Welcome to our flagship series of articles, 50/100. This series of articles breaks down what would happen if a given state (in this case, Indiana) ruled the nation, and also shows the results of the last election.
The 2016 federal election season was rough for Democrats. They only maintained the two House seats they already had, and picked up no open seats, as well as losing the state in the Presidential election. There were two open seats in the House, one in the Senate, and the Governor’s seat was open as well. Democrats lost all of these races.
Donald Trump (R-NY), now the President, won the Republican primary in this state. The Democratic primary winner was Bernie Sanders (D/I-VT).
Result: In the general election, Donald Trump beat Democrat Hillary Clinton (D-NY), 56.9%-37.8%, with write-ins and Libertarians making up the other 5.3% of the vote. The race, called at 8:00 PM on Election day, was bad news for Hillary Clinton as Indiana has voted with the winning candidate 70% of the time in the last 116 years (or 29 elections). In fact, in the past ten years, the only candidate who has won as a Democrat was Barack Obama (D-IL). Indiana had 11 electoral votes, or 4% of what was needed to win the Presidency
The Gubernatorial election was unusual in that the Republican state committee chose their candidate. Originally, Mike Pence (R) would have run for the seat, but since he was selected by Donald Trump, the committee selected Eric Holcomb, Pence’s running mate, to run against John Gregg (D), the former State Speaker of the House. Despite Gregg having a bigger war chest than Holcomb at first, and ultimately outspending and having more contributions than the winner, the Republican still won the governor’s seat.
Result: Republican Eric Holcomb won over John Gregg, 52.93%-45.73%, with the Libertarian Party making up 1.34% of the vote. The result has given Republicans control of the Governor’s seat for twelve straight years.
The open Senate Seat (held by Dan Coats until he announced he was not seeking another term) was won by Todd Young (R). His opponent, Evan Bayh (D), entered the race ahead by 7 points and with a sizable cash advantage. But series of missteps, such as the revelation that he was considered by the State of Indiana to be an “inactive voter,” that he was searching for jobs at financial firms while serving on the Banking Committee while in his last term as Senator, and apparently not knowing his own home address, tanked his campaign. Young shrewdly portrayed him as a candidate who, for the last six years, had left Hoosiers to “fend for themselves.”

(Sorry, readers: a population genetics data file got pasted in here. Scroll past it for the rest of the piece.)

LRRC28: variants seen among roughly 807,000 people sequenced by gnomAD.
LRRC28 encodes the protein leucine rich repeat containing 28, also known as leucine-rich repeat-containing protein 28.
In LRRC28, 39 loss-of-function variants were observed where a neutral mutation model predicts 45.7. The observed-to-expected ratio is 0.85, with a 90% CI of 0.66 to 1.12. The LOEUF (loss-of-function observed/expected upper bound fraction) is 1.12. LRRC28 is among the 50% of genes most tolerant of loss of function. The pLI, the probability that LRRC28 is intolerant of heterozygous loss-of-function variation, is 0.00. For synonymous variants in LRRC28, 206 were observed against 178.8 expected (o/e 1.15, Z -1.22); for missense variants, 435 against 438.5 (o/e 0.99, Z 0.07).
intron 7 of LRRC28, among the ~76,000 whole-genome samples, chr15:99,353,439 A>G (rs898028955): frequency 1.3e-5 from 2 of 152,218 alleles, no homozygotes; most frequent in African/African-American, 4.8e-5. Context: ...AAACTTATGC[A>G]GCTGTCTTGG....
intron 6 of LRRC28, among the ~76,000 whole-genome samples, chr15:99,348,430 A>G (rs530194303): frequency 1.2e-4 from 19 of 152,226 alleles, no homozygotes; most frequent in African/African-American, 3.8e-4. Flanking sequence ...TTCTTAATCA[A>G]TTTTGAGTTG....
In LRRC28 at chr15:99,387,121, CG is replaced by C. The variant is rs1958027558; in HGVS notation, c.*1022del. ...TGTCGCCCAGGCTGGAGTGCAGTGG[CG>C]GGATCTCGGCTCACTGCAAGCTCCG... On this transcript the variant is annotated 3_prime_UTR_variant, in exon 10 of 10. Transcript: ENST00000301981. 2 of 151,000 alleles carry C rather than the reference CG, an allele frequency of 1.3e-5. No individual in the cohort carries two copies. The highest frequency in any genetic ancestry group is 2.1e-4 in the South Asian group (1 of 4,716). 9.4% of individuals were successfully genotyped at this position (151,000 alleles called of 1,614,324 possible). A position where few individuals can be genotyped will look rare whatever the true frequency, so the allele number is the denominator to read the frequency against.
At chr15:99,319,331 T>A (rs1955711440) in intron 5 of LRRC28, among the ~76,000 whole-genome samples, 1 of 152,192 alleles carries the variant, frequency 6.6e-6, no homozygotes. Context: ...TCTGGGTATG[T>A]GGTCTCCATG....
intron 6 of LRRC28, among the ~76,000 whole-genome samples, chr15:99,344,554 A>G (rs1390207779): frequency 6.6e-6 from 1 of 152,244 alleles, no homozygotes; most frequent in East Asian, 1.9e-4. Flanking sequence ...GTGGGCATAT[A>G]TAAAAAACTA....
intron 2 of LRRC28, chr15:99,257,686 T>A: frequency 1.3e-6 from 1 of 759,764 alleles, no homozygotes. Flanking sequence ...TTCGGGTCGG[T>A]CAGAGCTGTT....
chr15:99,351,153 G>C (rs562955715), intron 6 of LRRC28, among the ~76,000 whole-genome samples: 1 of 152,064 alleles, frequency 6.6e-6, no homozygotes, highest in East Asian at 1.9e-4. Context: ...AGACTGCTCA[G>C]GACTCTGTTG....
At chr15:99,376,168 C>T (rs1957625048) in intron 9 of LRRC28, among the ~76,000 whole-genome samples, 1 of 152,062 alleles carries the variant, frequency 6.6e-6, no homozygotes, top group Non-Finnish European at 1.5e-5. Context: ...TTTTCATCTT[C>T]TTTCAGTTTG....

Result: Republican Todd Young won over Evan Bayh, 52.1%-42.4%, with Libertarian Lucy Brenton winning 5.5% of the vote. This election guarantees that Republicans will have held this Senate seat for at least twelve consecutive years.
The House results were also dismal for the Democrats, winning only two of nine possible seats, and none of the open seats. Incumbents, however, did very well for themselves, winning all seven of their seats back.
District 1: Peter Visclosky (D) def. John Meyer (R)
District 2: Jackie Walorski (R) def. Lynn Coleman (D)
District 3: Jim Banks (R) def. Tommy Schrader (D)
District 4: Todd Rokita (R) def. John Dale (D)
District 5: Susan Brooks (R) def. Angela Demaree (D)
District 6: Luke Messer (R) def. Barry Welsh (D)
District 7: Andre Carson (D) def. Catherine Ping**(R)
District 8: Larry Bucshon (R) def. Ron Drake (D)
District 9: Trey Hollingsworth (R) df. Shelli Yoder (D)
*Third party candidates are only mentioned if they are the only other candidate running.
**Ran in 2014
So, how would Indiana run the nation if they were in charge?
They would definitely reduce government spending, prevent Iran from acquiring nuclear weapons, and help veterans. They would be one vote away from supporting the agriculture industry, improving and investing in agriculture, and overhauling the tax code. Finally, they would be two votes away from repealing the Affordable Care Act, protecting the Second Amendment, Balancing the Budget, Securing the Border, being Pro-Israel, supporting the manufacturing industry, using natural gas as our national energy source, and making the nation pro-life.
It should be noted that Hoosier politicians at the federal level do not agree on how to help veterans, or how to support either manufacturing or agriculture.
Methodology: Poli Sci Pulse digested the public Congressional and Gubernatorial pages of the winners above. Once a majority of politicians were in favor (or against) something, we used this as one of the things the state would do if their public pages were not, in fact, lying.